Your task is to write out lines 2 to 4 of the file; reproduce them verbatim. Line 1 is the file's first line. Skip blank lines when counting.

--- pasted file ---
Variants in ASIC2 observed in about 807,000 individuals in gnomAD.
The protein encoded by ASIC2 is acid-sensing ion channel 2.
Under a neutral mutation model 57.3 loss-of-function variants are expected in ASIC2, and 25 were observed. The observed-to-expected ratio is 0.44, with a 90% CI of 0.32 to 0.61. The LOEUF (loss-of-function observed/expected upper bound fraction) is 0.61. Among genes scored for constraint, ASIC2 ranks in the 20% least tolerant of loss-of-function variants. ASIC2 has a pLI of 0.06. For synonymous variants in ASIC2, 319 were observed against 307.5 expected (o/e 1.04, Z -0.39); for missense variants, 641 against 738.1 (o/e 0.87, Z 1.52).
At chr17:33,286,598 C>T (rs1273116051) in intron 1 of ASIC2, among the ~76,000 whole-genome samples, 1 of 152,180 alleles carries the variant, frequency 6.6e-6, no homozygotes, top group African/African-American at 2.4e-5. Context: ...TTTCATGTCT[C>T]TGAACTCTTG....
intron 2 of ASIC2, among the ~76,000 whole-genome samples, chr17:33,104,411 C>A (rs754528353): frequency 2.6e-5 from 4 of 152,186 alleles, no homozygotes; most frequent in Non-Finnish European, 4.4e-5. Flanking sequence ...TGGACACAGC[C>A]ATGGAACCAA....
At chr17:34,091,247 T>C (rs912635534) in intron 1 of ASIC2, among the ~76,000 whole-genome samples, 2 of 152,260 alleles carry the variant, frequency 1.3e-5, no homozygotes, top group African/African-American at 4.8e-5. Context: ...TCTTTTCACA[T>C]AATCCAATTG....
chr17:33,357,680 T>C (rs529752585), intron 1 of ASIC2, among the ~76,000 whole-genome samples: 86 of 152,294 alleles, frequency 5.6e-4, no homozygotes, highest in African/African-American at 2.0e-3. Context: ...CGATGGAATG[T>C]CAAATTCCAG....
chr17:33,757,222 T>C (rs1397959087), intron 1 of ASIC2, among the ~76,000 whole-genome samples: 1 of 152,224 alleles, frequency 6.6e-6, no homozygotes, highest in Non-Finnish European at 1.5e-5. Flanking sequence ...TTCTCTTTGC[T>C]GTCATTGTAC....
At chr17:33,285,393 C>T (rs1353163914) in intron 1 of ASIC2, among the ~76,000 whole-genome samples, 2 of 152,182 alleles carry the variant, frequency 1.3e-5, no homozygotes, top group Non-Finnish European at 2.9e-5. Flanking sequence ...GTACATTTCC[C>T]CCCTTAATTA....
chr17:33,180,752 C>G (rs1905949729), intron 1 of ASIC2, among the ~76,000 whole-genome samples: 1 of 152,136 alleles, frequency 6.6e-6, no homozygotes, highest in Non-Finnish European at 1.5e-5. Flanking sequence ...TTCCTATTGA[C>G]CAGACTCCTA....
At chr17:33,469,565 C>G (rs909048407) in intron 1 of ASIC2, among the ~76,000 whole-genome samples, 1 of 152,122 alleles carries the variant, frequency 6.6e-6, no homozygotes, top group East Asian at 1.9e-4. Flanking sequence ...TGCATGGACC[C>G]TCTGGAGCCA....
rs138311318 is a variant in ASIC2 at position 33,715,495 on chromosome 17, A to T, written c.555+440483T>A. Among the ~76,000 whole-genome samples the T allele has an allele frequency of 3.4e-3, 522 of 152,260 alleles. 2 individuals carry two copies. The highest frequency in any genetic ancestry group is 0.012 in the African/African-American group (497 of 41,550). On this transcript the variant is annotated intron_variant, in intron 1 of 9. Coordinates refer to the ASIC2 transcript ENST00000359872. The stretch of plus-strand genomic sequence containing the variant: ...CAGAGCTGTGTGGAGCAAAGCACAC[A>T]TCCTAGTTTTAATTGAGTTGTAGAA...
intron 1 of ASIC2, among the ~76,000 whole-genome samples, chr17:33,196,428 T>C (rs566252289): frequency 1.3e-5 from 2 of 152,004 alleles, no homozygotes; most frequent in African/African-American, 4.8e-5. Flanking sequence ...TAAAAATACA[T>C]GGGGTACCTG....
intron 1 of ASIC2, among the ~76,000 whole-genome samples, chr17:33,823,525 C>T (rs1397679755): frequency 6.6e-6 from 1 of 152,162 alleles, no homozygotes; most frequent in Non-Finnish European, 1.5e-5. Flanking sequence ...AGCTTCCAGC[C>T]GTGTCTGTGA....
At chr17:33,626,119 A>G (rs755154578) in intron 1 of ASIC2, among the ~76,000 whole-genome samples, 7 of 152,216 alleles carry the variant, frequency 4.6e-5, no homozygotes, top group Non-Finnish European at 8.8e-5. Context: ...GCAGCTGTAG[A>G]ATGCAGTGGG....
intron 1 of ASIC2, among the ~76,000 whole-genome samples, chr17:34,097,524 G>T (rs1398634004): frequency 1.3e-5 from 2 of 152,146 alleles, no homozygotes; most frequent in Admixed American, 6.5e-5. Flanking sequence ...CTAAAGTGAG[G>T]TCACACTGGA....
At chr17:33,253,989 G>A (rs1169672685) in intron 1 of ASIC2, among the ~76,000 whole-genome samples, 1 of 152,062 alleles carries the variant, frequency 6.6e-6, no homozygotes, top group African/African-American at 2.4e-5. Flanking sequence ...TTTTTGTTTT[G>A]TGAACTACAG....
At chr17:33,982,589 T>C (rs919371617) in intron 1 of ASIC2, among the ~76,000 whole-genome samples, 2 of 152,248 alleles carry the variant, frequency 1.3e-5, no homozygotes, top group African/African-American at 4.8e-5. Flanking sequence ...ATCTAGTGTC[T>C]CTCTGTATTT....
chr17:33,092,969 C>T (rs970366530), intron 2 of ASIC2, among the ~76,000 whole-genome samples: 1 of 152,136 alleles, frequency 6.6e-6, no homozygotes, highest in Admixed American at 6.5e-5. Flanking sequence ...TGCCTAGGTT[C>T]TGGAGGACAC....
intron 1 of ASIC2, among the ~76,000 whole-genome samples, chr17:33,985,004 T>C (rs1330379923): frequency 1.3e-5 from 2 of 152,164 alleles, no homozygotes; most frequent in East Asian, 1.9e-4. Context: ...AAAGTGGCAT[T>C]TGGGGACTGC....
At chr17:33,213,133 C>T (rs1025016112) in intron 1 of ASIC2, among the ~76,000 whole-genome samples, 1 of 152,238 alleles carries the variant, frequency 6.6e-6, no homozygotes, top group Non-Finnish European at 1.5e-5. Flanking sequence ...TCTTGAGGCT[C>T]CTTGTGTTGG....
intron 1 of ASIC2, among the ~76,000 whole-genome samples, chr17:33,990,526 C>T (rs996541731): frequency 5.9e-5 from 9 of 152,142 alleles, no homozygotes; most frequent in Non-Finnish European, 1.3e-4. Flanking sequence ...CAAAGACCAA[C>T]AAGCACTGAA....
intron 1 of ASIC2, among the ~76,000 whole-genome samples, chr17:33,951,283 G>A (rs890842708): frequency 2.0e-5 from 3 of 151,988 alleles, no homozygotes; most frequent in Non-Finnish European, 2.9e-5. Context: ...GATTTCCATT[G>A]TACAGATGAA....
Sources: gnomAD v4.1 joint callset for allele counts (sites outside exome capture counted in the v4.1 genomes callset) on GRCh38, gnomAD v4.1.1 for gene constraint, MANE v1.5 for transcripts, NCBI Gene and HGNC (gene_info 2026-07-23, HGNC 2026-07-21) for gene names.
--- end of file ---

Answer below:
The protein encoded by ASIC2 is acid-sensing ion channel 2.
Under a neutral mutation model 57.3 loss-of-function variants are expected in ASIC2, and 25 were observed. The observed-to-expected ratio is 0.44, with a 90% CI of 0.32 to 0.61. The LOEUF (loss-of-function observed/expected upper bound fraction) is 0.61. Among genes scored for constraint, ASIC2 ranks in the 20% least tolerant of loss-of-function variants. ASIC2 has a pLI of 0.06. For synonymous variants in ASIC2, 319 were observed against 307.5 expected (o/e 1.04, Z -0.39); for missense variants, 641 against 738.1 (o/e 0.87, Z 1.52).
At chr17:33,286,598 C>T (rs1273116051) in intron 1 of ASIC2, among the ~76,000 whole-genome samples, 1 of 152,180 alleles carries the variant, frequency 6.6e-6, no homozygotes, top group African/African-American at 2.4e-5. Context: ...TTTCATGTCT[C>T]TGAACTCTTG....